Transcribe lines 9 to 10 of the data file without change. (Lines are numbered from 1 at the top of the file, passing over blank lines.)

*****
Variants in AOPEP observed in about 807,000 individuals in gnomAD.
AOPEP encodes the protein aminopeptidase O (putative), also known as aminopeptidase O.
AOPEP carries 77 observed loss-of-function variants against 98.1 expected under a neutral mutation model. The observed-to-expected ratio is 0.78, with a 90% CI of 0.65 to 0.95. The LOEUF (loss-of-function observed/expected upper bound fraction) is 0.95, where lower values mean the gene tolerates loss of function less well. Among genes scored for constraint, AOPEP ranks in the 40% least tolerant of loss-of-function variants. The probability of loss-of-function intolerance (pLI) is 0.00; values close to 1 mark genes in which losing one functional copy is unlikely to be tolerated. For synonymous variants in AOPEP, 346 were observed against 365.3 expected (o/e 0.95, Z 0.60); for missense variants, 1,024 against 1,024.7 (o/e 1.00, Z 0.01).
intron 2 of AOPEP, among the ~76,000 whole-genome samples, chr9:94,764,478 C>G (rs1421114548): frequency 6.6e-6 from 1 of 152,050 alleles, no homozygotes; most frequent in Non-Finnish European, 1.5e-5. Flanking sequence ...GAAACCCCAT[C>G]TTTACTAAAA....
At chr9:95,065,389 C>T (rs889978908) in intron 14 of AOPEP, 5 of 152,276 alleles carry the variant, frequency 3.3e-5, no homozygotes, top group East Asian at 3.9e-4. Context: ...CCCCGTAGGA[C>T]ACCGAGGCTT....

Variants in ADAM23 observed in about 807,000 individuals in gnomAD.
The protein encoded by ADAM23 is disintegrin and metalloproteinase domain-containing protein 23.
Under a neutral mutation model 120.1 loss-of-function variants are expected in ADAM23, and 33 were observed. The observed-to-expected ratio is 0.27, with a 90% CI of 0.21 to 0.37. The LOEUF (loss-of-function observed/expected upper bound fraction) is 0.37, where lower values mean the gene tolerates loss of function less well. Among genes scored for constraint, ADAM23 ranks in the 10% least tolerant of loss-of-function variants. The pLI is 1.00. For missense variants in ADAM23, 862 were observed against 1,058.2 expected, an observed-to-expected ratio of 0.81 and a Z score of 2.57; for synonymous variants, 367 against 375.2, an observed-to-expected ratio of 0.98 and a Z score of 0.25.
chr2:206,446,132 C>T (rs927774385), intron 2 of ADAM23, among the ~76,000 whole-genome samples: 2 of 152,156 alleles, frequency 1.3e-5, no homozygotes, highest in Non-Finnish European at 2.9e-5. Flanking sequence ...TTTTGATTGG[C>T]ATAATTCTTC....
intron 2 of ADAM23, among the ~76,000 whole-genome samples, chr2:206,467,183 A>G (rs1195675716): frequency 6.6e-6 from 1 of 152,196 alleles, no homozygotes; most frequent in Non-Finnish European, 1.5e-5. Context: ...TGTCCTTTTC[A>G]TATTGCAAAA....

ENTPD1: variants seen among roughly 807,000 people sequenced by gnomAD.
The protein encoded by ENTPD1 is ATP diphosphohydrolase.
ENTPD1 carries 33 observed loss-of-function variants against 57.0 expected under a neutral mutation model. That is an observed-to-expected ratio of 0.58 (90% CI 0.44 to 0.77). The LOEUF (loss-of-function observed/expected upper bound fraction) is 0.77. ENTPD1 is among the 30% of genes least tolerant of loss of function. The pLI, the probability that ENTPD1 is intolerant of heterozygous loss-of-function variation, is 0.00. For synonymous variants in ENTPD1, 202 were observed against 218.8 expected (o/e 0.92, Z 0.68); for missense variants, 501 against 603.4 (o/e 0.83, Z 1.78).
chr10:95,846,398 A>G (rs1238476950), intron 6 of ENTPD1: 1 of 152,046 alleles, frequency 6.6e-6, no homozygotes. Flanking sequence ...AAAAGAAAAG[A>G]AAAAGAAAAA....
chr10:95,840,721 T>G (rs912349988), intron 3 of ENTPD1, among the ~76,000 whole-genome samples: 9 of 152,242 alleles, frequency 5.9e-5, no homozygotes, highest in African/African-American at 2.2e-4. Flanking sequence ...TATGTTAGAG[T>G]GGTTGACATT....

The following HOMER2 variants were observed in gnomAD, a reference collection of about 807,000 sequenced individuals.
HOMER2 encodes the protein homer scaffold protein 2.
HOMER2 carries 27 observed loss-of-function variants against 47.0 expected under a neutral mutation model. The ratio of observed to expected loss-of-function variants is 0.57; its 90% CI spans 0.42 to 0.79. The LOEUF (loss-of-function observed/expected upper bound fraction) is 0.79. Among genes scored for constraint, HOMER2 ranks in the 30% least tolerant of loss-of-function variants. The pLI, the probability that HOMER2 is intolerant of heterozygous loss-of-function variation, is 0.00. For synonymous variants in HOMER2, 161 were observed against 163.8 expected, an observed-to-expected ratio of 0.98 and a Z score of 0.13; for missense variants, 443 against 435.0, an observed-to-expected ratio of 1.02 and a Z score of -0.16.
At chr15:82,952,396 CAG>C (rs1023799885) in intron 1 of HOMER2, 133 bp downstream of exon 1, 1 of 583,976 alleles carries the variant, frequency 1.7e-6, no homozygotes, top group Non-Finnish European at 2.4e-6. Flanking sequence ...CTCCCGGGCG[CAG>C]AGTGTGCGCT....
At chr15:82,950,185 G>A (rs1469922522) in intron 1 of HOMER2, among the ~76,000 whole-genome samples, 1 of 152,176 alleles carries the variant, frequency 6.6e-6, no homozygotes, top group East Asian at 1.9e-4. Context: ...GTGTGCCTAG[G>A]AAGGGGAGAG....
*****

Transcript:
chr2:206,446,132 C>T (rs927774385), intron 2 of ADAM23, among the ~76,000 whole-genome samples: 2 of 152,156 alleles, frequency 1.3e-5, no homozygotes, highest in Non-Finnish European at 2.9e-5. Flanking sequence ...TTTTGATTGG[C>T]ATAATTCTTC....
intron 2 of ADAM23, among the ~76,000 whole-genome samples, chr2:206,467,183 A>G (rs1195675716): frequency 6.6e-6 from 1 of 152,196 alleles, no homozygotes; most frequent in Non-Finnish European, 1.5e-5. Context: ...TGTCCTTTTC[A>G]TATTGCAAAA....